It was at a food shop. (It’s almost always at a food shop, get ready.) My partner and son were filling a basket with reduced-price Ben & Jerry’s. I wasn’t there. “Be sure to get some for mum too”, the smiley shop assistant said. And as much as we prepare the responses they never come out as planned, because we’re never prepared for when they’ll be needed. So neither my six-year-old nor my partner said anything as they enjoyed the cold air from the freezer on their sweat-soaked shirts from a bike ride.
At the time of going through the adoption process, the process seemed to be everything – the training, the social worker visits, the family trees and support networks. But that all feels like some distant dream amongst the football games, the holidays, the Lego… because as much as that foreboding process feels like your whole life at the time, it’s such a small part in the bigger, wonderful, journey of being a parent.
I was prepared in attachment theory, child development, the importance of contact with birth family….but unprepared for the small talk with strangers on the tube, shopkeepers, even the doctor – all of whom wanted to know what mum was up today, and wasn’t it nice that dad had taken you today, and did daddy dress you today? (Apparently, I failed to inherit the gay fashion gene.) Some days I ignored the strangers – a vacant smile – most days I corrected them.
This is why adoption support groups became a lifeline. New Family Social and We Are Family were playgroups where we could be ourselves, where we didn’t need to explain or contextualise our lives. And where it made me realise how important it was for me and for my son to see families that looked like us. Remember that support network we had to do during the process? Half of them disappeared when we became dads. (Perhaps they went to the same mysterious place my son’s socks slip away to.) But they were replaced by fast friends we met at these groups. LGBT people have always been familiar with “making our own families”, something we’ve been doing for centuries after leaving home or escaping friends and family who maybe didn’t accept us. And through these support groups, we were able to make our own extended families too. My son may be the only one with two dads in his class, but through our newfound support network, he knows many other families with two dads, or two mums, or where dad or mum are trans. And the kids in his class all know about LGBT families now too. We make sure to volunteer in class, to make ourselves visible. We go in to light our menorah with the kids on Hanukkah, and dip apples and honey on Rosh Hashanah.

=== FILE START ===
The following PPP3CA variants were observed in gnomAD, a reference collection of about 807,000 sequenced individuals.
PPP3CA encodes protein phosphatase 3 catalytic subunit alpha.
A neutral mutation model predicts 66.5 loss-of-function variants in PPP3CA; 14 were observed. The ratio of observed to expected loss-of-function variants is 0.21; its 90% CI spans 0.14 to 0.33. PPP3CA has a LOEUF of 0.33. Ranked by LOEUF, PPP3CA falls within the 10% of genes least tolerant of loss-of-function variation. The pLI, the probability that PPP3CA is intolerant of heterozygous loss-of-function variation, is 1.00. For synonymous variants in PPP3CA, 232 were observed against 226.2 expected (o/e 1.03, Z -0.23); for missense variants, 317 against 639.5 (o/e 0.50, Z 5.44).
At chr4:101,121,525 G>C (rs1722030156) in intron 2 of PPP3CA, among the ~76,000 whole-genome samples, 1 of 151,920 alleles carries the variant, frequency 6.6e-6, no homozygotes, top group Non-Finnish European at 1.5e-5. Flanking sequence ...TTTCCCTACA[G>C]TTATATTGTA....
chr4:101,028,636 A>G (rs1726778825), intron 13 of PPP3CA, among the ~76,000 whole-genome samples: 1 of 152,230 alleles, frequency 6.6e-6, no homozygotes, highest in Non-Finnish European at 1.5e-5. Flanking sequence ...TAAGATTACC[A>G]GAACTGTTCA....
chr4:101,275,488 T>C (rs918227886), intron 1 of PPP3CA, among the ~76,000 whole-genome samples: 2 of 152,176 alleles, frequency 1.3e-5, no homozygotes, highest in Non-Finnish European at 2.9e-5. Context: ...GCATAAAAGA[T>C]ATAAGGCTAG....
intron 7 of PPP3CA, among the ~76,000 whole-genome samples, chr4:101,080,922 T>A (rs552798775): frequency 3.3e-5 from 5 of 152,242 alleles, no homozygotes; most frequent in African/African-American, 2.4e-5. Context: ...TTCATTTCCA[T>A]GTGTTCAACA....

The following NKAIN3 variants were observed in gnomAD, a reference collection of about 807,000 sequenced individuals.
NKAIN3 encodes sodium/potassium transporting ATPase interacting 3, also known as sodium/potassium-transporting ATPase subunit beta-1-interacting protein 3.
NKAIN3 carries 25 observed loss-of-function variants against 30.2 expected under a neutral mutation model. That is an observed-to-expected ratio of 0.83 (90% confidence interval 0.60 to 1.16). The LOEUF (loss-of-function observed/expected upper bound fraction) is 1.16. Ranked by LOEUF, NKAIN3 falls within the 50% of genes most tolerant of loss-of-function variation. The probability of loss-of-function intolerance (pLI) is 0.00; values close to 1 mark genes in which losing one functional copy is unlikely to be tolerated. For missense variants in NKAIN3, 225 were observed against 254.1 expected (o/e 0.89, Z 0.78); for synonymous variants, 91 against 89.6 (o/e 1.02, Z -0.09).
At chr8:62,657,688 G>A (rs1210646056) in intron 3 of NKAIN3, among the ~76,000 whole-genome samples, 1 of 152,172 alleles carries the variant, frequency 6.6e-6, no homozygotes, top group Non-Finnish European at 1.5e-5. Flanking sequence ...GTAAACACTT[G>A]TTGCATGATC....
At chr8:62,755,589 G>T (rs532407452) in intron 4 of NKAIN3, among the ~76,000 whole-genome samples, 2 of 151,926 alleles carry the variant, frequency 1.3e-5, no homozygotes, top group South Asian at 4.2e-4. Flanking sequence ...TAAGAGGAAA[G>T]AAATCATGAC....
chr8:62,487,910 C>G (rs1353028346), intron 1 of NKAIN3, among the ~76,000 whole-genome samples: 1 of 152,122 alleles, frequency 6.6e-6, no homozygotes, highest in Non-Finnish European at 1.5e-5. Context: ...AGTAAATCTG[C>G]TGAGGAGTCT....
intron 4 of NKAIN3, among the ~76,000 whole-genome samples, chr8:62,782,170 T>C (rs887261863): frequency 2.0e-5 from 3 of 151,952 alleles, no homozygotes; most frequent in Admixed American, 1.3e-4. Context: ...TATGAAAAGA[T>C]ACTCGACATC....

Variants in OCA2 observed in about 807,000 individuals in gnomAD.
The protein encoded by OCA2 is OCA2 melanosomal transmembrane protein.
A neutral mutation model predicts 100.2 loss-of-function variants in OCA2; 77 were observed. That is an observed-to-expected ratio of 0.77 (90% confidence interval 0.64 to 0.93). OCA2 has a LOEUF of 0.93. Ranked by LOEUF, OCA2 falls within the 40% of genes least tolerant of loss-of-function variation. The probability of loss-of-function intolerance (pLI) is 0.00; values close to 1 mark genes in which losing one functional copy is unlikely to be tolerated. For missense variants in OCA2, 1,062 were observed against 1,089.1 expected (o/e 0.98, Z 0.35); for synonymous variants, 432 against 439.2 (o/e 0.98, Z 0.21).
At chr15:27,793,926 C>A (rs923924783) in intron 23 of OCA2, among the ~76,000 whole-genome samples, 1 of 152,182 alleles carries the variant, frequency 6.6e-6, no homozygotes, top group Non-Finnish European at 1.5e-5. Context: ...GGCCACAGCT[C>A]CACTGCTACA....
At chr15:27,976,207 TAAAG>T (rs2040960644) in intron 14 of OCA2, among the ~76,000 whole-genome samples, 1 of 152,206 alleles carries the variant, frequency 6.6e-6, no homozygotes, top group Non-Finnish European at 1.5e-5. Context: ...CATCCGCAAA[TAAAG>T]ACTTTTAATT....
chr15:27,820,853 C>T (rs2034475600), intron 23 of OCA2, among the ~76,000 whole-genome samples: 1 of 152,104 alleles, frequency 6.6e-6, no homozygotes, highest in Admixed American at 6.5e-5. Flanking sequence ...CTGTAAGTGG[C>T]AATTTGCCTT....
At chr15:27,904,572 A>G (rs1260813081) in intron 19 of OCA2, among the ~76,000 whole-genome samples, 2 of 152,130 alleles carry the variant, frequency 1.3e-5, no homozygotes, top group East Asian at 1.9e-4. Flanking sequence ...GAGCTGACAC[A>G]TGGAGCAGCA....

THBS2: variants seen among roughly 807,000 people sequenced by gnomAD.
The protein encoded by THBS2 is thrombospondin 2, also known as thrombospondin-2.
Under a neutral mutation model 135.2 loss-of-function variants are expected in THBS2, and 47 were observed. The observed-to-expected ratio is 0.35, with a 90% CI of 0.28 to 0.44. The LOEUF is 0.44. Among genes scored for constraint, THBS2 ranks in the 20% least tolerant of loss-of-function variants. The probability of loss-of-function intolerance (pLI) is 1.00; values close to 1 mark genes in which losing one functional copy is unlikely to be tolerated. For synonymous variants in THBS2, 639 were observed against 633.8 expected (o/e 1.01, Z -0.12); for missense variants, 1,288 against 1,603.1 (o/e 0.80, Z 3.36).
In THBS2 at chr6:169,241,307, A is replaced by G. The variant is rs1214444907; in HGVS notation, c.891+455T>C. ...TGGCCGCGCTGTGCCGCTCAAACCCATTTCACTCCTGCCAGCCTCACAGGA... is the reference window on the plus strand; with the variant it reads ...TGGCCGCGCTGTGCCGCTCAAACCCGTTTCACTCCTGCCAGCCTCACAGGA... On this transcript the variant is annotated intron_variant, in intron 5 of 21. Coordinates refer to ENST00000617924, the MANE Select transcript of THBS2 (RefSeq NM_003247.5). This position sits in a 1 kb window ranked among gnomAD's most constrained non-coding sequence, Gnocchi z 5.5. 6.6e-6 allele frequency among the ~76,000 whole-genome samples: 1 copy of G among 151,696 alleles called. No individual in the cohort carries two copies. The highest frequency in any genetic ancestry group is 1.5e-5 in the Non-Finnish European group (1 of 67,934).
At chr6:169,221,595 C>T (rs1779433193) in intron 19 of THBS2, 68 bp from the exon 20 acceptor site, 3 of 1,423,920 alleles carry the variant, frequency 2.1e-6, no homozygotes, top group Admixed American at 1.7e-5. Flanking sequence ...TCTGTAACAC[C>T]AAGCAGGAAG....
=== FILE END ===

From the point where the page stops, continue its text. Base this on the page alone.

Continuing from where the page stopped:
As my son gets older – he’s been with us 6 years now – I realise how much my anxieties about him feeling ‘different’ having two dads were unwarranted. Like any kid, his primary concerns are when can he go outside and play football and what’s for pudding.
“That was strange what she said”, my son reflected while carrying armfuls of ice cream. And then he pivoted and returned to the now-empty freezer. “The ice cream’s not for my mum,” he told the shop assistant, “It’s for my other dad.”
We no longer have to correct people. Our son now does it for us.